Textile industries produce huge amounts of wastewater, which contains high concentrations of suspended solids, dyes, surfactants, and organic materials having high chemical oxygen demand (COD) and high pH [1–3]. There are over 100,000 different types of commercial dyes, which are annually produced by over 7 × 105 tons [4,5]. More than 1–15% of basic dyes enter into wastewater during the coloring process [1,3]. However, this low percentage claims a high carcinogenicity and toxicity. Rhodamine B dye (RhB) is a cationic artificial xanthine dye which is commonly used in industries particularly in textile, paper and food industries [6]. The exposition of humans and animals to RhB causes damages to the eyes, respiratory system and skin irritation. Medical studies have proven that the drinking water contaminated with RhB causes carcinogenic and neurotoxic effect, and additionally chronic poisoning [7,8]. Therefore, wastewaters contaminated with RhB should be treated before being discharged into the environment.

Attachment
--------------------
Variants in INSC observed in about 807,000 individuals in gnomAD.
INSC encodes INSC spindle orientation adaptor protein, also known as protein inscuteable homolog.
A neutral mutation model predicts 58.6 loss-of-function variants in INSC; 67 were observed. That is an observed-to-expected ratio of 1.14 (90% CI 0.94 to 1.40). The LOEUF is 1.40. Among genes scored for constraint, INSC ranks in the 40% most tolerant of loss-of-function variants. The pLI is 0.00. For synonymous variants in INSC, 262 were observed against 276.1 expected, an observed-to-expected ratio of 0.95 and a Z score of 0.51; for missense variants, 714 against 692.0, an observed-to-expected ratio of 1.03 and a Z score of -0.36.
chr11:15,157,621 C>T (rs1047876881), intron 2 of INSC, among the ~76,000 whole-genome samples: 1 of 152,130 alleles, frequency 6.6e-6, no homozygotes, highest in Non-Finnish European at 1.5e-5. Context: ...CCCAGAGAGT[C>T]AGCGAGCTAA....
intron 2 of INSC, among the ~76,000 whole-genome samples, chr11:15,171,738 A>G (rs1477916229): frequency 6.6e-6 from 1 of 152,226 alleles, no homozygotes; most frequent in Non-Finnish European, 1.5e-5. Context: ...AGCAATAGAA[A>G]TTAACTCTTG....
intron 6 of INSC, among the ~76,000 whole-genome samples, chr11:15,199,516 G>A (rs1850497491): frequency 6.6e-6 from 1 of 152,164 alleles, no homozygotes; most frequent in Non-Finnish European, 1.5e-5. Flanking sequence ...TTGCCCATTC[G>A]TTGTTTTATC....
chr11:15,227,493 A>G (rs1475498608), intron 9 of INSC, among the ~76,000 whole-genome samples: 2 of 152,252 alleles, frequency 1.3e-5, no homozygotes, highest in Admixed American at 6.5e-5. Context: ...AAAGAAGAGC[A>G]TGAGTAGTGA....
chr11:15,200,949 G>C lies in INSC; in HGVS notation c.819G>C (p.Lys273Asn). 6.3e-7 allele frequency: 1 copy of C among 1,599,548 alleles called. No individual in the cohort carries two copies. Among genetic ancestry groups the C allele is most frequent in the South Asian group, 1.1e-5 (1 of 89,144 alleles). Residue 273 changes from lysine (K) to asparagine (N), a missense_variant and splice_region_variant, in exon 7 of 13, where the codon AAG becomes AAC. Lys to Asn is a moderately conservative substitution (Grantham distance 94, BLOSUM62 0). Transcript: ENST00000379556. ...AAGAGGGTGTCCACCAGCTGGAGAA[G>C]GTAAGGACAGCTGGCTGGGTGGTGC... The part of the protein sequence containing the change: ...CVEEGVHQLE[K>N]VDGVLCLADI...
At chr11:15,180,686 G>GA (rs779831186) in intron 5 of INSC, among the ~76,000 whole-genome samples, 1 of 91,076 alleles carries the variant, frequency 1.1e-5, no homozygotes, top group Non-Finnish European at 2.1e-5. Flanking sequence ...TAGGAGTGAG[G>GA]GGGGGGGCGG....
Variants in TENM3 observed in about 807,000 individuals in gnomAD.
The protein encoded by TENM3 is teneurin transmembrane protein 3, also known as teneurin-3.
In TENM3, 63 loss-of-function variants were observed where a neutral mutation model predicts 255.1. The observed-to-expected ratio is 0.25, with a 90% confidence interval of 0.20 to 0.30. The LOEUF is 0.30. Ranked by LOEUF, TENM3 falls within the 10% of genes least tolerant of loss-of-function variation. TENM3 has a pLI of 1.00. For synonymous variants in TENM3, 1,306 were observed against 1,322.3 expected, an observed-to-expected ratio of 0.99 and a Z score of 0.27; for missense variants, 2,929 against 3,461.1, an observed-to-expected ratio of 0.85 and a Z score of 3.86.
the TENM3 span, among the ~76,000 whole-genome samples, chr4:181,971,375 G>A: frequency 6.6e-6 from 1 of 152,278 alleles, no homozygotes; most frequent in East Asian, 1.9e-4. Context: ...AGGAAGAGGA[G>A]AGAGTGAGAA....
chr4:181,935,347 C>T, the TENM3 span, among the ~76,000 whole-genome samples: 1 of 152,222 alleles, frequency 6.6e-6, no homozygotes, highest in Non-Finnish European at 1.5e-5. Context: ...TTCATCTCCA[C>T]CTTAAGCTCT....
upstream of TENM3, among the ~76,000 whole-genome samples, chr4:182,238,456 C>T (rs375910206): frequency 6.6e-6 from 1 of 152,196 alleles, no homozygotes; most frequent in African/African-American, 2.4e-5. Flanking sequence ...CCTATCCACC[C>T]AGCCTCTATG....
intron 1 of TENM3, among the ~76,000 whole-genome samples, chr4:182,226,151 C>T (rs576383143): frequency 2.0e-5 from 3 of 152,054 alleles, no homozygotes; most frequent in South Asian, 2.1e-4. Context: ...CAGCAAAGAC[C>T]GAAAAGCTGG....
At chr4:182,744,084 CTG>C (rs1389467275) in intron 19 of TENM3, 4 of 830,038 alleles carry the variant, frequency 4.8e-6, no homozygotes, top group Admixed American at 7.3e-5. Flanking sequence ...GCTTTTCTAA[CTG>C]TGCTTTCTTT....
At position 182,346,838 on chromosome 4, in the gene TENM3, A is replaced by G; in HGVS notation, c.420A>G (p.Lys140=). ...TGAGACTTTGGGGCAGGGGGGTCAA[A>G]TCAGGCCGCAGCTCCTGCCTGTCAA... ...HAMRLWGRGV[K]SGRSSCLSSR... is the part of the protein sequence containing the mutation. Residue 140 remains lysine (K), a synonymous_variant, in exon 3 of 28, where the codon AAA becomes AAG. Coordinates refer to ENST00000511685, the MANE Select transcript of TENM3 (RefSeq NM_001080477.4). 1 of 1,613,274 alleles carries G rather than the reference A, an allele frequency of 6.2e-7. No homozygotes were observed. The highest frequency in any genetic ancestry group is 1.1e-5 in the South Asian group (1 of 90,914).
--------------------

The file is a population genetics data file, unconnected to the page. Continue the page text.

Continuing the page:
Currently there are various techniques in use to remove dyes from wastewater based on operability, effectiveness, availability, and insensitivity to toxic materials and costs. These include ion exchange, biological degradation, reverse osmosis, coagulation and flocculation, membrane filtration, electrochemistry, and chemical precipitation [3,9]. The resistant pollutants in wastewater of industries are often toxic to the living organisms, and thus, biological systems are not able to treat these wastewaters [10]. Based on these issues, the adsorption process is known as an efficient technique and also highly reported method to remove dyes, which is environmentally friendly at the same time [7,11–18]. The adsorption process shows a high efficiency in dye removal, which causes transference of synthetic dyes from wastewater to the solid phase, thus reducing their content in the output wastewater [19–21]. Different types of adsorbents have been employed to eliminate dyes from aqueous solutions [22–24].